If you haven’t read Lean Analytics by Alistair Croll and Ben Yoskovitz, stop reading this blog post and go pick up a copy. No really. It’s that good.
For those of you who didn’t stop reading to go buy the book, I’ll work on convincing you.
Covering The Basics
I’ve covered analytics in bits and pieces on this blog. That works for some people. But if you need an overview of all of it, this is the place to start. They start from the very beginning covering what makes a good metric and defining key concepts like segments and cohorts.
They also take a quick tour of a number of different analytics frameworks, covering Dave McClure’s Pirate Metrics, Eric Ries’ Engines of Growth, and Sean Ellis’ Startup Growth Pyramid.
And of course, they have a whole chapter on the one metric that matters.
In Depth Look at Six Different Business Models
But if you aren’t a beginner, don’t worry, this book is still for you. Alistair and Ben take an in-depth look at six different business models: eCommerce, Software as a Service, Free Mobile App, Media Site, User-Generated Content, and Two-Sided Marketplaces.
For each, they dive deep looking at what key metrics you should be tracking and even include benchmarks for many of them. Each chapter is a great cheat sheet for how to get started with measuring each type of business model.
The real value, however, comes in mix and matching. Many businesses may span more than one business model. Alistair and Ben give you enough to work with, that this isn’t too hard to do on your own. For example, for my business, where we help employers connect with college students, we could be considered a media site, as employers pay to advertise to our audience, but in other ways we are more like a two-sided marketplace, as we are bringing together two different audiences to engage with each other. And yet, in some ways we are like a Software as a Service business, as many of our employer products are offered on a subscription basis.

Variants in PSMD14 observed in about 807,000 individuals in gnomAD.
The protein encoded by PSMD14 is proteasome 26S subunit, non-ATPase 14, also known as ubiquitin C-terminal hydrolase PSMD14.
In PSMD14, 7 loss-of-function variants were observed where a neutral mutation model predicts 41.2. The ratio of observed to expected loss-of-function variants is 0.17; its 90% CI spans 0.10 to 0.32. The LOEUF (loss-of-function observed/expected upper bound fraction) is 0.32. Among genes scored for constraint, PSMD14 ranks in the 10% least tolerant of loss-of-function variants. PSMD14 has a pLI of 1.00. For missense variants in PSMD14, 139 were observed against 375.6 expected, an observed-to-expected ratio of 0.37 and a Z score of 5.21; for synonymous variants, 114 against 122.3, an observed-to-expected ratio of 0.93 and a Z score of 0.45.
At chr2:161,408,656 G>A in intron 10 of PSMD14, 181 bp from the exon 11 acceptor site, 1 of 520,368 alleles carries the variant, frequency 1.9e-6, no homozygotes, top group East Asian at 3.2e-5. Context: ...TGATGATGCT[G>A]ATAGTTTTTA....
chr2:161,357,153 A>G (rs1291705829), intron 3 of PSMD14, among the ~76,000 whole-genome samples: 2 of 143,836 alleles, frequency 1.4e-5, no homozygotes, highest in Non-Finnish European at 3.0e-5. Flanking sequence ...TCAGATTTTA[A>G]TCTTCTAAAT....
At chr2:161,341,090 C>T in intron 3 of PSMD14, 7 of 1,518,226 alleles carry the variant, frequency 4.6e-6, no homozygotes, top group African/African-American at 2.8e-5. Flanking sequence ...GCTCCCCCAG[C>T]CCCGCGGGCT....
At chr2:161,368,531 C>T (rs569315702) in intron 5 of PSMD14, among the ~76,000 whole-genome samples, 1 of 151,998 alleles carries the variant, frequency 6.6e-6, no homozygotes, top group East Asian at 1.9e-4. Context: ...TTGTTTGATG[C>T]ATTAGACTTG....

This might sound overwhelming, but I found it to be quite the opposite. By applying each of the different templates to our business, I was able to develop different insights into how our business was doing. We don’t fall into just one category, but we certainly perform better in some than in others. This is a valuable insight in and of itself.
In Depth Look at Five Stages of a Business (And How to Know Which One You Are In)
Next, they outline five different stages of business and more importantly how to know which one you are in. Their stages include: Empathy, Stickiness, Virality, Revenue, and Scale.
I found this section to be the most useful, as many companies try to do too much all at once. It’s critical to know what stage you are at and as a result where you should focus your efforts.
If you are still looking for Stickiness, for example, growth and revenue should not be your main focus. Engagement should be. Similarly, there isn’t a lot of value in scaling, if you haven’t figured out revenue.
Alistair and Ben don’t just outline the five stages, they end each chapter with great questions to help you determine whether or not you should move on to the next stage.
Drawing Lines in the Sand
And finally, they end the book with several chapters on one of my favorite topics, drawing lines in the sand. It’s not enough to measure something. You have to define what success looks like. Alistair and Ben do a great job of outlining just how you do this for each of the business models they cover.
No, Really, Read This Book
Okay, if this review hasn’t convinced you to read Lean Analytics yet, I leave you with one final thought. So much of the outcomes you drive will be determined by what you decide to measure. Rather than fumbling to figure it out yourself, invest $15-20 in a book that gives you a giant head start. Happy Reading!
Have you read Lean Analytics? What did you think?